Palmetto bought the assets of Knight Systems’ mortuary transport business. The agreement of purchase and sale included (a) Palmetto’s commitment to buy body bags, at specified discounted prices, exclusively from Knight Systems for 10 years, and (b) Knight Systems’ promise not to provide mortuary transport services within 150 miles of Palmetto’s offices for the same period. Notwithstanding the non-compete covenant, a few years later Knight Systems submitted a timely proposal — and was selected — to provide those services to a Palmetto customer within the 150-mile territory. Palmetto sued Knight Systems for breach of contract, won below, but lost in the South Carolina Court of Appeals.
Status of the case. By consent, Palmetto’s complaint and Knight Systems’ counterclaim were tried before a court-appointed referee. Concluding that the geographic restriction in the non-compete was reasonable, he ruled in favor of Palmetto and awarded $373,000. The Court of Appeals reversed and remanded. Palmetto Mortuary Transport, Inc. v. Knight Systems, Inc., No. 2014-001819 (S.C. Court of Appeals, May 4, 2016).
Background. Four years after the purchase and sale transaction, Palmetto customer Richland County published a RFP with regard to providing mortuary transport services to the county for five years. The day before the deadline for responding, Knight Systems accused Palmetto of purchasing body bags from others in violation of its commitment to buy those products exclusively from Knight Systems. Palmetto replied that it had spent a minimal amount, less than $450 (1% of the aggregate amount it had paid Knight Systems), for products covered by the contract’s exclusivity provision.
Knight Systems was the only source for the odor-proof body bags required by the RFP. Shortly before the contract was awarded, it informed Richland County that it (Knight Systems) intended to take those products off the market. This would leave Palmetto unable to satisfy a contractual condition. Whether for this reason or otherwise, and despite Palmetto’s contention that it had submitted the most favorable proposal, Knight Systems was awarded the contract.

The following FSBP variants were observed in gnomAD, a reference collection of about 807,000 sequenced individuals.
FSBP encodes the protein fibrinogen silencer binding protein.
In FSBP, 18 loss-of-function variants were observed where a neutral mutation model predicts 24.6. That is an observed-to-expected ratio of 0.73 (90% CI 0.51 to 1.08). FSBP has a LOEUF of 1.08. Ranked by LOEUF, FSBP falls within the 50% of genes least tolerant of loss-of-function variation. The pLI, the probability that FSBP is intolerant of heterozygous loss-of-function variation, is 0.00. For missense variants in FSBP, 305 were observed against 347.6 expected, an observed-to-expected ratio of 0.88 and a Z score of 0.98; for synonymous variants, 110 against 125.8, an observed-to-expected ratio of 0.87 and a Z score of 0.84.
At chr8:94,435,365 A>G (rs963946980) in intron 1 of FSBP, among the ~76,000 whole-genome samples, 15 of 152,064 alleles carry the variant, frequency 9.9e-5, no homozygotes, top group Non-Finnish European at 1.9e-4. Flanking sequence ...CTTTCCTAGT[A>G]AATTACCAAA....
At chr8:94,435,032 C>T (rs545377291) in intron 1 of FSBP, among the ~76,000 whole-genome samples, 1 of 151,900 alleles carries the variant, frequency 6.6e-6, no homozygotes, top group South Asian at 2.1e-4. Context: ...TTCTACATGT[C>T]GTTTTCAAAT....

Reversal of the referee’s decision. The only issue addressed on appeal was the reasonableness of the geographic limitation in the assets sale agreement. According to the court, the referee cited two bases for his conclusion that the limitation was reasonable.
- Palmetto’s owner testified that it wanted the 150-mile restriction included in the purchase and sale agreement because, although Knight Systems did mortuary transport business in only two South Carolina counties, Palmetto was considering an expansion of the territory. The appellate tribunal held that this testimony did not justify a restriction encompassing parts of three states, especially since there was insufficient “evidence of definitive planning, acquisitions, or other overt acts” in support of possibly enlarging the service area.
- A Knight Systems owner testified that the company did not object to including the restriction in the agreement because, at that time, Knight Systems had not intended to get back into the business after the sale to Palmetto. The court said Knight Systems’ “intention of not returning to the mortuary transport business is [not] a relevant factor for analyzing whether a territorial restriction is reasonable.”
Lastly, the Court of Appeals addressed the possibility of “blue penciling” the 150-mile restriction. That would be permissible under South Carolina law, the judges said, only if the agreement authorized redrawing the provision. The Palmetto-Knight Systems contract did not so authorize. Accordingly, blue penciling would mean inserting “an arbitrary term” as to which the parties neither negotiated nor agreed.
Takeaways. Many judicial opinions state that restrictive clauses in a non-compete contained in an employment agreement must be reasonable or they are subject to being invalidated. Palmetto makes the same point regarding restrictions in an assets sale contract.
Palmetto also teaches that when drafting a non-competition and/or a non-solicitation clause for an employment or sales agreement, consider authorizing a decision-maker to modify unreasonable geographic and duration provisions. However, trade secret confidentiality clauses — not involved in the Palmetto case — rarely are invalidated because of allegedly unreasonable territorial or time restrictions (such clauses are subject to being stricken in their entirety by a court holding that there is no substantial risk of disclosure).